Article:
I happened to stand on the Third Street Bridge, taking pictures of the Gowanus Canal, when Rosa S. walked by and leaned over the railing next to me.
"See those plastic balls?" she asked me, while pointing at the buoys that mark the path of the submerged air ventilation pipe put in place by NYC D.E.P. last spring.
"They were bright yellow just a few months ago. Look at them now. They are all messed up" she continued while looking down on the faded, slime-coated buoys which floated below us. "See what that water did to the plastic in just a few months?" she asked me.
" You wouldn't want that water on your skin."
"You certainly wouldn't want to dive into that canal" I responded, agreeing with her.
"Oh, back in the late 70's, me and my friends used to do it all the time" Rosa S. informed me and began to tell me of her group of friends from Columbia Street, who used to hang out right at 3rd Street and the Canal.
In the summer, they used to dive off the bridge. They used to wait till their clothes dried before heading back home, so that their parents wouldn't know. Rosa's mother though, would always exclaim "Rosa, what's that smell! Go take a shower."
Rosa was a great swimmer. She used to be a lifeguard at the Red Hook Pool.
One day in 1979, she was diving off the railing of the bridge with a group of kids, as usual, when her friend Papo dove in, surfaced and seemed to struggle in the water. The kids did not take him seriously at first, since Papo often pretended that he was drowning, just for laughs.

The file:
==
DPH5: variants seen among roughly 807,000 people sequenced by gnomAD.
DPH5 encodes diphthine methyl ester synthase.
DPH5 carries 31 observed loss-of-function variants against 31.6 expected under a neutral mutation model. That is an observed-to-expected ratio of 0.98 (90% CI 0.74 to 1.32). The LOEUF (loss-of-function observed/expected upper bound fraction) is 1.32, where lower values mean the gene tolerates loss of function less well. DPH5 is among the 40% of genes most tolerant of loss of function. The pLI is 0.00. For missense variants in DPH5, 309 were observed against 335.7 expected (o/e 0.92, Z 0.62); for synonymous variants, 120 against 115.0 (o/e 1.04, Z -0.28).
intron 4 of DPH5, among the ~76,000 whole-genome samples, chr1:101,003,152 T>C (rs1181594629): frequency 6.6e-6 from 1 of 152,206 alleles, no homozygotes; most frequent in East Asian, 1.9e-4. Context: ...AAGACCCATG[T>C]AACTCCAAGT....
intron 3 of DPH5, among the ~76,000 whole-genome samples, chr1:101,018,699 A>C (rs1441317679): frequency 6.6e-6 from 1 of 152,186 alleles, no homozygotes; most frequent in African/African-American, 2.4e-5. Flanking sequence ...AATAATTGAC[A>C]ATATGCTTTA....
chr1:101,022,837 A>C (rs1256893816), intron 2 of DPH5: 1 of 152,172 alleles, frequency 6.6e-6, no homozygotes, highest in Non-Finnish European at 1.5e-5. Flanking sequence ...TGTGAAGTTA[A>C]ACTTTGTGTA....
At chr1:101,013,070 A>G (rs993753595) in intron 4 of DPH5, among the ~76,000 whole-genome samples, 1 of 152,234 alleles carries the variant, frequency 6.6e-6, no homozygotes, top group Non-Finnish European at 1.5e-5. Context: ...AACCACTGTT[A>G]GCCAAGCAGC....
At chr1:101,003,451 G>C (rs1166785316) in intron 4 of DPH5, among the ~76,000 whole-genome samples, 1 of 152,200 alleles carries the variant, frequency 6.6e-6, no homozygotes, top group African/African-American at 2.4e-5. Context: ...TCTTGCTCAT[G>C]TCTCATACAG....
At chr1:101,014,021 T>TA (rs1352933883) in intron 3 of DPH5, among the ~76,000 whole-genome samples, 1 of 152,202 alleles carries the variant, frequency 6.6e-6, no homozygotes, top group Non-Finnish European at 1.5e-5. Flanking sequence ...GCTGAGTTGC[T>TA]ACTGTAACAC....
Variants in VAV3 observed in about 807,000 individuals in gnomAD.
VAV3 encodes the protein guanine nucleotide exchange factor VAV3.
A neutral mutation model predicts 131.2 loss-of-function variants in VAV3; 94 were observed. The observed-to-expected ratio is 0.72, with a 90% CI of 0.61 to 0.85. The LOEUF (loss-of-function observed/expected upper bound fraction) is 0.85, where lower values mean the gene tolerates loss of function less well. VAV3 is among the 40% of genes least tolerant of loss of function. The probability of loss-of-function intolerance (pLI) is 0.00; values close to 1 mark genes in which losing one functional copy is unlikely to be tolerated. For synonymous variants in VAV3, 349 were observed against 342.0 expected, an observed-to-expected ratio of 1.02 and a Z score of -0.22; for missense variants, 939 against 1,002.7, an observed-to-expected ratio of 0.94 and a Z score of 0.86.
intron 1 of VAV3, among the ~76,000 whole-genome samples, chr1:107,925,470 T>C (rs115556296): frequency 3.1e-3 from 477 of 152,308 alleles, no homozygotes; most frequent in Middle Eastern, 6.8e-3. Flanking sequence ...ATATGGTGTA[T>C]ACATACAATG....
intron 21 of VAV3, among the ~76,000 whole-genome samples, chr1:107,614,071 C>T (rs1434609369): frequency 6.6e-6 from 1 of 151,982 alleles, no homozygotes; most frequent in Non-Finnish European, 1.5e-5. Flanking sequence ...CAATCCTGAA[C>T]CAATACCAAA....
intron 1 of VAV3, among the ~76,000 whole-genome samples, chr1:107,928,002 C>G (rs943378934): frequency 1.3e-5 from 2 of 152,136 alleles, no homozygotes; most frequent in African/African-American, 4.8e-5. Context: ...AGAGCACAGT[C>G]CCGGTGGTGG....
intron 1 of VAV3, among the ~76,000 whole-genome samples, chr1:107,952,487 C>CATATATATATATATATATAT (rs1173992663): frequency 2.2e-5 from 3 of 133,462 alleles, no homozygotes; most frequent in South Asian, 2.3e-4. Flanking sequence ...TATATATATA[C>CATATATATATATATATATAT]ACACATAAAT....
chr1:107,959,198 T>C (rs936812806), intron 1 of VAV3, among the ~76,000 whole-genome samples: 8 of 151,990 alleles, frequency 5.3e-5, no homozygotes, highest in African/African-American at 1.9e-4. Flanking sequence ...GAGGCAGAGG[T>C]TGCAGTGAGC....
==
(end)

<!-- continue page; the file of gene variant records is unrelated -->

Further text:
This time, it was different. Rosa dove in to help, but it was like something grabbed at her leg and tried to pull her down under the surface and she had to get out of the water.
By the time the kids had alerted some nearby adults and had gotten help, Papo had drowned.
His body was found a week later in Coney Island.
Rosa now lives in Bushwick, but loves coming back to the Gowanus Canal and to Columbia Street. "I still have a few friends left there" she told me. " I love this area."
Below are two little video clips that I took of Rosa while she was telling me this extraordinary story.
Thanks for sharing it, Rosa. It was wonderful meeting you and I hope to run into you on the bridge again.